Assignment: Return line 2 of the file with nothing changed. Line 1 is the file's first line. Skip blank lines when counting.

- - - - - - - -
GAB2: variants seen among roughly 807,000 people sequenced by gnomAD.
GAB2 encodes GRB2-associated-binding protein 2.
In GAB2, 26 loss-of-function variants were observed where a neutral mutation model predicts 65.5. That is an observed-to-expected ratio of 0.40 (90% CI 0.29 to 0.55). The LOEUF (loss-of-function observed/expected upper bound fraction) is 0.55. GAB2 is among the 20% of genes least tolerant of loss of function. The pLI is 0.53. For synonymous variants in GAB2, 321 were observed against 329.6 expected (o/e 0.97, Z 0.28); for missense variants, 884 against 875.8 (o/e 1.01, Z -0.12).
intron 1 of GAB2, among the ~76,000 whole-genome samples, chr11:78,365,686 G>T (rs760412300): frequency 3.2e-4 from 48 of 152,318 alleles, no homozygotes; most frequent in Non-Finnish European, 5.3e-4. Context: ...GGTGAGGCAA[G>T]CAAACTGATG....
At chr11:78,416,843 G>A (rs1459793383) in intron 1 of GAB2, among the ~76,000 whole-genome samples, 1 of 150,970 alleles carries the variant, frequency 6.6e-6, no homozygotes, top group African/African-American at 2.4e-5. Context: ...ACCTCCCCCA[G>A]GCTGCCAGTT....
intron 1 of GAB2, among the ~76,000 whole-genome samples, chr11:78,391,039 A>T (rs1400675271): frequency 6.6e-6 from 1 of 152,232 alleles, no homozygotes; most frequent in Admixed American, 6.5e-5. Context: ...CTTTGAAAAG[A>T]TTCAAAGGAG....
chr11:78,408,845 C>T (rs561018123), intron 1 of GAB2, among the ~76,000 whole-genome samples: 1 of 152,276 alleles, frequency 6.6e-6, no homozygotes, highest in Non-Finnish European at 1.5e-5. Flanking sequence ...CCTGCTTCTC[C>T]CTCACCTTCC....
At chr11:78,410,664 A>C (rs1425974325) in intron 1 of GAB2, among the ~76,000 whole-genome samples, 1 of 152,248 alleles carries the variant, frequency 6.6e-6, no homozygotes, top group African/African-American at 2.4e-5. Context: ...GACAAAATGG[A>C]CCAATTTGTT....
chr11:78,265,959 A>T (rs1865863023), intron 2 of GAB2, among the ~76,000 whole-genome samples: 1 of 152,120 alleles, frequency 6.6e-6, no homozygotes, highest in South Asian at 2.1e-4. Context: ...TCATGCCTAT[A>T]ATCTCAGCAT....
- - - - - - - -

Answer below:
GAB2 encodes GRB2-associated-binding protein 2.